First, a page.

For comedian Bill Cosby, his chance for freedom and possible exoneration comes down to his attorneys’ oral arguments before the Pennsylvania Supreme Court on Tuesday.
Cosby has served more than two years of a 3-to-10-year prison sentence after a jury convicted him of aggravated indecent assault. His longtime spokesman Andrew Wyatt will join the National Newspaper Publishers Association (NNPA) for a livestream interview beginning at 9:30 a.m. on the morning of the hearings.
The Washington Informer will also broadcast the livestream on its social media channels.
Wyatt will help dissect the proceedings as they are happening and provide exclusive thoughts and commentary throughout the hearing.
“We’re excited about this day,” he said. “We have been looking for a fair hearing, which we didn’t get during the trial.”
Because of the pandemic, no one is allowed in the courtroom, but the justices have allowed for livestreaming of the hearing.
All remote oral arguments before the court are proceeding as traditional in-person, a court spokeswoman said.
That means Cosby’s attorneys will have two minutes for opening remarks, after which arguments will transition to a question-and-answer format. Montgomery County District Attorney Kevin Steele will also be afforded two minutes for opening remarks and a question-and-answer period from the justices.
After each argument, the court will take a brief break, at which time counsel for the opposing side will join the videoconference.
This year, the court agreed to hear Cosby’s appeal, citing a deal the entertainer made with former District Attorney Bruce Castor in 2006.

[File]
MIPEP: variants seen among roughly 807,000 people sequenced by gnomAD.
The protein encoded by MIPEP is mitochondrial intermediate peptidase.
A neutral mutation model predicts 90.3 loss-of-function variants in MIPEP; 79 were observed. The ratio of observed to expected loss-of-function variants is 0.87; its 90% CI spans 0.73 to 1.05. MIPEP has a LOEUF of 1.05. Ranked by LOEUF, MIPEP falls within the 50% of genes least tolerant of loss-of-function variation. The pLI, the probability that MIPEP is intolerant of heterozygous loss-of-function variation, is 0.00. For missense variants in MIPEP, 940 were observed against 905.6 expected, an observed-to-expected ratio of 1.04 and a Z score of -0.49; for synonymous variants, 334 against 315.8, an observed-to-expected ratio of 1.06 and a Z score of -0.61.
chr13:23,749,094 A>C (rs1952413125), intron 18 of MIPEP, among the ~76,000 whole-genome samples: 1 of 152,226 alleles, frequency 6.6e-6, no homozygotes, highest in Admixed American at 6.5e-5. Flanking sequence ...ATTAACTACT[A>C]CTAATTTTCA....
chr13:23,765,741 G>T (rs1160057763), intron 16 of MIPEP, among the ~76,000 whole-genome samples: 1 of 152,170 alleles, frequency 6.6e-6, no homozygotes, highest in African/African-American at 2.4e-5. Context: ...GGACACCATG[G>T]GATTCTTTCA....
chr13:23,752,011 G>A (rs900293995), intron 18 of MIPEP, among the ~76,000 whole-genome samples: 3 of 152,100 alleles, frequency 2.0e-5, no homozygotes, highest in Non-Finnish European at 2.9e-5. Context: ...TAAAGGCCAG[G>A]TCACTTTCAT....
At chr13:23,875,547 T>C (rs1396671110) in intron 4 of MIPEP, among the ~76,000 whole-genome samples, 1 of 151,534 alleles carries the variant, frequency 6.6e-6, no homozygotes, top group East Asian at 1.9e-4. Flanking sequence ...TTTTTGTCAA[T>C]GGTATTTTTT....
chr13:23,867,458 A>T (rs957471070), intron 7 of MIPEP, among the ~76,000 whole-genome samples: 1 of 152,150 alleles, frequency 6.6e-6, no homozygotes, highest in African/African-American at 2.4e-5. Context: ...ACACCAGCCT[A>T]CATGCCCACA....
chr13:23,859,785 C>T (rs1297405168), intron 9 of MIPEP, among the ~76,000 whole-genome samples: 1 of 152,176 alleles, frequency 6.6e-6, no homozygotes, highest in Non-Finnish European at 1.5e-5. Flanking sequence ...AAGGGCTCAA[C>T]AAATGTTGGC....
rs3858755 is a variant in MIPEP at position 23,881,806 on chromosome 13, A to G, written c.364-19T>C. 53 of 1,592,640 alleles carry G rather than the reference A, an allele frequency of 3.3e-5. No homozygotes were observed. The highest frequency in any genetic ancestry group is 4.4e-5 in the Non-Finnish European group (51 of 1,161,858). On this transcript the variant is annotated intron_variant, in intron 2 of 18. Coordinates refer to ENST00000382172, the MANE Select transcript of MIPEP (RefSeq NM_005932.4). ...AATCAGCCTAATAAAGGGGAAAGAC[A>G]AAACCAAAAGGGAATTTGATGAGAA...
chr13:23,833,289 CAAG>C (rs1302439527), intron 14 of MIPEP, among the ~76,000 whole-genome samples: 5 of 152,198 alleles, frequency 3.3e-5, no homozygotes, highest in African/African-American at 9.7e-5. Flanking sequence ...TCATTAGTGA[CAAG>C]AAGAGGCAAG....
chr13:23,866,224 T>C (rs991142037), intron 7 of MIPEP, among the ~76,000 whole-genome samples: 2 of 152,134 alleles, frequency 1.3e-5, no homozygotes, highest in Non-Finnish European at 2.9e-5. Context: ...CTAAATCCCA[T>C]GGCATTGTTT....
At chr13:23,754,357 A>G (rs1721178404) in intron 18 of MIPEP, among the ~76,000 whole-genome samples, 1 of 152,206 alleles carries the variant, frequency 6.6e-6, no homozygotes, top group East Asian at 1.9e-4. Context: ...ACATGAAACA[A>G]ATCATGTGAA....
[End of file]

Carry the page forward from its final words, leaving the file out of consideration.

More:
Castor asked Cosby to waive his Fifth Amendment rights to sit for a deposition in a civil case brought by accuser Andrea Constand. The then-district attorney promised that whatever Cosby said during that deposition could never be used as a basis for criminal action against him.
After Steele took over as district attorney, he reneged on what many legal experts called a “sacred agreement” between a defendant and a prosecutor.
Cosby’s attorneys protested, but Montgomery County Judge Steven O’Neil sided with Steele and ignored the agreement.
The high court also noted it would hear Cosby’s appeal based on O’Neil’s ruling to allow five women to testify about decades-old and uncharged allegations against Cosby.
While some legal experts have said the Supreme Court could immediately rule, others expect a decision next spring.
“We are hopeful that Mr. Cosby will finally get justice,” Wyatt said.
Tune in to the livestream with Wyatt at 9:30 a.m. Tuesday, Dec. 1 at facebook.com/BlackPressUSA, youtube.com/BlackPressUSATV or facebook.com/WashingtonInformer/Videos.